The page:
Tuesday, July 04, 2006

1776


(Today's images from the original film and Broadway souvenir books are courtesy of That Man DEREK on loan to the Library.) Growing up, Independence Day always meant a vacation or a visit to the amusement park. As I got a little older, those vacations often included comic book conventions. At this late date, the words "vacation" and "amusement park" have long since been removed from my vocabulary and the words "comic book convention" removed from my budget. The one Fourth of July constant for the last two decades has been 1776.
I paid little attention to the film when it first came out (which is surprising as I was even then a history buff) but a few months later, our school arranged to bus several hundred students to the Carousel theater in Cincinnati to see it. The Carousel at that time housed the largest curved Cinemascope screen in the state of Ohio—about on a par with the current IMAX screens as I recall. Having ignored the film until then, I had little idea of what to expect.
Yes, the feature version of this Broadway show is little more than a slightly opened up stage production but keep in mind that the only stage musicals I’d seen up until that point starred third graders. I just loved this movie! I was immediately won over when I recognized TV’s CAPTAIN NICE, William Daniels, as John Adams. I told all the other thirteen year olds around me but their memories apparently weren’t as good as mine. As the film progressed, I became enamored of Howard Da Silva’s lighthearted Franklin and Ken Howard’s somewhat Byronic Jefferson. Da Silva, I would find out later, was a major player in the Communist witchhunt of the fifties and thus a supremely ironic choice to play a founding father. Bet that got J. Edgar Hoover’s girdle in a bustle. Howard would go on to TV and stage stardom, sometimes even taking movie wife Blythe Danner (Gwyneth’s mommy) along for the ride. Daniels would, of course, become a disembodied voice playing second fiddle to the ever-popular David Hasselhoff on KNIGHT RIDER.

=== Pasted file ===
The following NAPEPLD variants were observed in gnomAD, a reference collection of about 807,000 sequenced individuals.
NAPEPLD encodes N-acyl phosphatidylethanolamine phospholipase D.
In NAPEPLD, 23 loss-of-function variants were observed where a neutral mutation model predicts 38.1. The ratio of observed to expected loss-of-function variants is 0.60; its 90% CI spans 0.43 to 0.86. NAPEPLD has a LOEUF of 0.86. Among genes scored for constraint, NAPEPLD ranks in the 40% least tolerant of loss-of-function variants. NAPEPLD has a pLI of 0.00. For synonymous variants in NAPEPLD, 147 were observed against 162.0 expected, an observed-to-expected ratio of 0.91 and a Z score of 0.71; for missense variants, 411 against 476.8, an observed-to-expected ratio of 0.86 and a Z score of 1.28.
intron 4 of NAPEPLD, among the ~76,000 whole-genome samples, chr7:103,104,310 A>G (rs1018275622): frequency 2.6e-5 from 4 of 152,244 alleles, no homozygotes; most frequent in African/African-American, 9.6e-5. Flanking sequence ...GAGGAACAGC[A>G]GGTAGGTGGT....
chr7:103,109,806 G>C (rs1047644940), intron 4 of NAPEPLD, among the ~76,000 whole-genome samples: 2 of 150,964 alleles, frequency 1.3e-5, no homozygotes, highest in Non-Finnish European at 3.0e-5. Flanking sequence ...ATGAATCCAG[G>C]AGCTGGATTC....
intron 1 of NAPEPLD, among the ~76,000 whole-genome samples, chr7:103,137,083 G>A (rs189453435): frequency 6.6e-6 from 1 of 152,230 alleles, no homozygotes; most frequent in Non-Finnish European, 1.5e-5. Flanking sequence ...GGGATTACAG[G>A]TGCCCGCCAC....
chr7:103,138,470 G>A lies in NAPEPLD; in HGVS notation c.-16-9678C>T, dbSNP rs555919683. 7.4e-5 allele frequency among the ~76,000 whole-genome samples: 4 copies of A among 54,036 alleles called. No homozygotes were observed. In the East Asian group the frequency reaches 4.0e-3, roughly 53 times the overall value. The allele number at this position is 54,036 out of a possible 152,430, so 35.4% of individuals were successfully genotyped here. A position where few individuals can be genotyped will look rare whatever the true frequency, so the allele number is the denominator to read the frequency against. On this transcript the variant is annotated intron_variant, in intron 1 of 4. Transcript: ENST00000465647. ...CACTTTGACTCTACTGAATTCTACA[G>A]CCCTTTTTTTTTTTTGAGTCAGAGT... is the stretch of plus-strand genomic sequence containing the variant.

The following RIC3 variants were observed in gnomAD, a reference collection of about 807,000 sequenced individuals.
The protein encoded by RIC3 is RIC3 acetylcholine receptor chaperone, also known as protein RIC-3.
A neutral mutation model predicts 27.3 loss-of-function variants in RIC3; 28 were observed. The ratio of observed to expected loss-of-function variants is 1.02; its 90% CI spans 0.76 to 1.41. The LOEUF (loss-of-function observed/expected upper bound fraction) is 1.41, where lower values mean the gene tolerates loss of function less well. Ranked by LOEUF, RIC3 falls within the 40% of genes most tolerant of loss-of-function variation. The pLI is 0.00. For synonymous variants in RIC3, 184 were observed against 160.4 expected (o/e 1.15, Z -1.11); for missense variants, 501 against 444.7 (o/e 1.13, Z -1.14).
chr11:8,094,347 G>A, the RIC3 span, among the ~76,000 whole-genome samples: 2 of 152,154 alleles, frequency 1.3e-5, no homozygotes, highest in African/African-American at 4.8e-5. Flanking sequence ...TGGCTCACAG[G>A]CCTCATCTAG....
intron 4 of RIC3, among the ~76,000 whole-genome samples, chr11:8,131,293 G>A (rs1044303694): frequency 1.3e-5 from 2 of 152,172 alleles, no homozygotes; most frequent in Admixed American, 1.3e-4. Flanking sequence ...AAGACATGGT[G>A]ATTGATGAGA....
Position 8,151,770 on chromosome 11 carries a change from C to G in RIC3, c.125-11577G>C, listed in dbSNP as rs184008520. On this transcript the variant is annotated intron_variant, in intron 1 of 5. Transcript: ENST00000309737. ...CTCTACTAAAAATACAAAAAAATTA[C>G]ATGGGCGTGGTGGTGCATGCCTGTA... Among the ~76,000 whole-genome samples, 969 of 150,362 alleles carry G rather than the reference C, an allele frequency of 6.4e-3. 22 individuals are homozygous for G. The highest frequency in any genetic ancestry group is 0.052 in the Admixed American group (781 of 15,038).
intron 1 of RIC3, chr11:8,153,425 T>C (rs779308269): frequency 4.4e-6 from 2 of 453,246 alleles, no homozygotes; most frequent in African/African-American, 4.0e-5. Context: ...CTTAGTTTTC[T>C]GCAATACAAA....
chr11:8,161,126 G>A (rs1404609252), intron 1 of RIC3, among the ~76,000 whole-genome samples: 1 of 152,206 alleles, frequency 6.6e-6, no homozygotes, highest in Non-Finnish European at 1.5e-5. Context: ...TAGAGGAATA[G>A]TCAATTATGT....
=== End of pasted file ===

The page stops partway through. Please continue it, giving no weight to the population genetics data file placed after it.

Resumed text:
Complaints? Well, the film’s too long (even with the scene cut that was later restored on the DVD), too setbound and stagy and perhaps worst of all, even though much of the dialogue is taken from historical documentation (Adams’ letters, Franklin’s writings, etc) schoolkids from that point on, once having seen this movie, will come to honestly believe that there were show tunes involved with the founding of our country! Seriously, to this day I cannot see a serious representation of the signing of the Declaration of Independence without thinking in my head "Siddown, John! Siddown, John! For God’s sake, John, Siddown!!"
My wife turned out to be a big fan of the show also and, in fact, spent years tracking down the soundtrack album to the film. We now have not only that album but the original Broadway cast album and several CD versions including the relatively recent Brent Spiner version. Heck, I even bought Charlton's comic book adaptation (by Tony Tallarico) which uses the song lyrics as dialogue and even manages to get "hell" and "damn" past the Comics Code!Every year since we’ve been together, we’ve watched the movie. This year, as in the last few, our son has enjoyed it also. He’s going into the fourth grade this year and they’ll probably be studying the Declaration soon. I sure hope his teacher understands when he suddenly bursts into song and tells her that John Adams was "obnoxious and disliked."
Although certainly not a real sequel (nor even a musical) I recall seeing a PBS (I believe)production in 1989 dealing with the framing of the Constitution and featuring Craig Wasson as James Madison. A MORE PERFECT UNION: AMERICA BECOMES A NATION revisits many of the same characters and could effectively have been entitled 1787! Be nice if they’d show that one every year, too.
History has made all of the Founding Fathers larger than life and all of the New York Times bestsellers that do their damndest to try to humanize them seem to miss one little point. Maybe they really were larger than life! I like to think that at least old gout-ridden Franklin was not above bursting into song on a moment’s notice. I like to think that no matter how human these men really were, there was something just a little special going on in 1776.

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